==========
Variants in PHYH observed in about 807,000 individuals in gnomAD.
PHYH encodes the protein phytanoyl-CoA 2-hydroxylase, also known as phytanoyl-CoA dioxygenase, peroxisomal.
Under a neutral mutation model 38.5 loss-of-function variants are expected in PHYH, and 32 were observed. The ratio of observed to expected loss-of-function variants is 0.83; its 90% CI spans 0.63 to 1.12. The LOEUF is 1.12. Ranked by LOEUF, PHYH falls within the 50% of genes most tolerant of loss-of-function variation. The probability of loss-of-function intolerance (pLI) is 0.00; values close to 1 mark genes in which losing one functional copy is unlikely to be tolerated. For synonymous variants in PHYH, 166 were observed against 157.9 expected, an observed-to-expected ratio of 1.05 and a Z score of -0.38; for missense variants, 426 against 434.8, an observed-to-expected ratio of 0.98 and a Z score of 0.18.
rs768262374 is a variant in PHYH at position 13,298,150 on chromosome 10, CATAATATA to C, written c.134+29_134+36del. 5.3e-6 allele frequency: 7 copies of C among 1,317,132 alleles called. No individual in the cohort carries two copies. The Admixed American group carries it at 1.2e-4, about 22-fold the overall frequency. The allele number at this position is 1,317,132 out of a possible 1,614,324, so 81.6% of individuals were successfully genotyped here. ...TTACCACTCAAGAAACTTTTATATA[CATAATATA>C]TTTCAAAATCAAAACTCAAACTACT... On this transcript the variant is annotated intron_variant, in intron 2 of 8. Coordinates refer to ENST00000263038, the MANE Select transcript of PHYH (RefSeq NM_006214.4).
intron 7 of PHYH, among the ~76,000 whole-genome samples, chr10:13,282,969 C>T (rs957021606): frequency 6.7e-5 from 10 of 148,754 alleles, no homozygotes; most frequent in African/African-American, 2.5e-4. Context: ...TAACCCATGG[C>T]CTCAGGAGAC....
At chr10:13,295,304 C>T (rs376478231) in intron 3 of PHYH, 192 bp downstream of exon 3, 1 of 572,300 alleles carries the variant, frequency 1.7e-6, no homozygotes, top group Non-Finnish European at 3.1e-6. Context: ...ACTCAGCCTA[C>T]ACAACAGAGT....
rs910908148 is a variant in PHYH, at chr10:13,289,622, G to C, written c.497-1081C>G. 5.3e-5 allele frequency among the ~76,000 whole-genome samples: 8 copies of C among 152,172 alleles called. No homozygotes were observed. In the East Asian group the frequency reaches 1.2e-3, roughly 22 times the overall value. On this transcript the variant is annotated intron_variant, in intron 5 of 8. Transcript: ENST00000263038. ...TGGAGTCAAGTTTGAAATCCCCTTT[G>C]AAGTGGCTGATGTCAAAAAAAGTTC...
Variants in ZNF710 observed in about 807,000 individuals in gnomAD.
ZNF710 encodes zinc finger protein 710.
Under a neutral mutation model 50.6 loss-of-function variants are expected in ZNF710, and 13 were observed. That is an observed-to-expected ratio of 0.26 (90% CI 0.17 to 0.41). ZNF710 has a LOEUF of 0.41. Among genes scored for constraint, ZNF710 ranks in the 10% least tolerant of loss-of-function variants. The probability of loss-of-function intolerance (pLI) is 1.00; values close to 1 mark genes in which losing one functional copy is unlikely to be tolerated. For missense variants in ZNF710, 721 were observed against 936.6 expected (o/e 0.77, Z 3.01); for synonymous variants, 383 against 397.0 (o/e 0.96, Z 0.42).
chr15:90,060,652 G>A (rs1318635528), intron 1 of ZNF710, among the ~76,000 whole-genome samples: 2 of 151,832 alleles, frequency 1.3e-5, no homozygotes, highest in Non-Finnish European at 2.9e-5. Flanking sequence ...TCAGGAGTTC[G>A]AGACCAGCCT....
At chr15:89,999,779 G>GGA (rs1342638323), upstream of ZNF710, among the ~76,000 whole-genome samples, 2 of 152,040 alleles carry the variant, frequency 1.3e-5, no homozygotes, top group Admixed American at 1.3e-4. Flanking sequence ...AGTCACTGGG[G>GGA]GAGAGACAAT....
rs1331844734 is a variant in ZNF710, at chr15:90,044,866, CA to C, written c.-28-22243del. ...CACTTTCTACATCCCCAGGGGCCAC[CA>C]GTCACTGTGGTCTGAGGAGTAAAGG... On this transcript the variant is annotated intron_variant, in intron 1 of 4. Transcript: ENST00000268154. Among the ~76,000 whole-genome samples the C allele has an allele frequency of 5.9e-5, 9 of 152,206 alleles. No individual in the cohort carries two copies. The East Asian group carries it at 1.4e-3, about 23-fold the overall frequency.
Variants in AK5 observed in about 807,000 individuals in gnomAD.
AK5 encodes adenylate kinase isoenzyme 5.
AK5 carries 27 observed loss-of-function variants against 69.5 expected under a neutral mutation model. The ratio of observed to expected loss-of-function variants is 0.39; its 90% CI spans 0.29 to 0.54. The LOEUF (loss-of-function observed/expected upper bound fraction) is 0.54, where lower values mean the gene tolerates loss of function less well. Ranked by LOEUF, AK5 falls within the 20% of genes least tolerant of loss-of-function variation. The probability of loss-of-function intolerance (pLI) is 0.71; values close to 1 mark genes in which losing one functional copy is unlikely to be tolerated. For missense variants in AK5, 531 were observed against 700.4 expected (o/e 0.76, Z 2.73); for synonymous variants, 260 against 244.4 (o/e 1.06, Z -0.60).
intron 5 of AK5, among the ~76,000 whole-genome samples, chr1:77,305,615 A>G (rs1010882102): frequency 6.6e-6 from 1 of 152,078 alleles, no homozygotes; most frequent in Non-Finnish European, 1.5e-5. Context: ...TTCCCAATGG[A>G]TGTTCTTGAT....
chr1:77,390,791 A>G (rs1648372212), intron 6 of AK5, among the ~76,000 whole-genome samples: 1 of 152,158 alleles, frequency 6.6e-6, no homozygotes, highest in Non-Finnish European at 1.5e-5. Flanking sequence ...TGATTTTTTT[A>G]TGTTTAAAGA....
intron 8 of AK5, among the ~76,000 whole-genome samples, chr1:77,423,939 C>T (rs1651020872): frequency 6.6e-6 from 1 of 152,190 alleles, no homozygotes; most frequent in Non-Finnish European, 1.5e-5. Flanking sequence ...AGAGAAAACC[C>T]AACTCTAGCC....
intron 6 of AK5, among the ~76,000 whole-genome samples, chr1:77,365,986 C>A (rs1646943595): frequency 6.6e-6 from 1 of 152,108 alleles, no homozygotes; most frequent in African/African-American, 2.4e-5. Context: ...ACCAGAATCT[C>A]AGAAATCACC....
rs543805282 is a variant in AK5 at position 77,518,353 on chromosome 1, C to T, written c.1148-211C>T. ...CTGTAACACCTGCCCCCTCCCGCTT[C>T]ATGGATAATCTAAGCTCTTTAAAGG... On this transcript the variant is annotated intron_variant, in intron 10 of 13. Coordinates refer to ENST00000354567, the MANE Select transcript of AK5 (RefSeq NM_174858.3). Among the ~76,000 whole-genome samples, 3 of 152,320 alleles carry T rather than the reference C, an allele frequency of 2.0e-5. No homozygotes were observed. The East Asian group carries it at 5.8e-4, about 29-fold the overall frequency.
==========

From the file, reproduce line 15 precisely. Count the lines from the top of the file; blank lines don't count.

AK5 encodes adenylate kinase isoenzyme 5.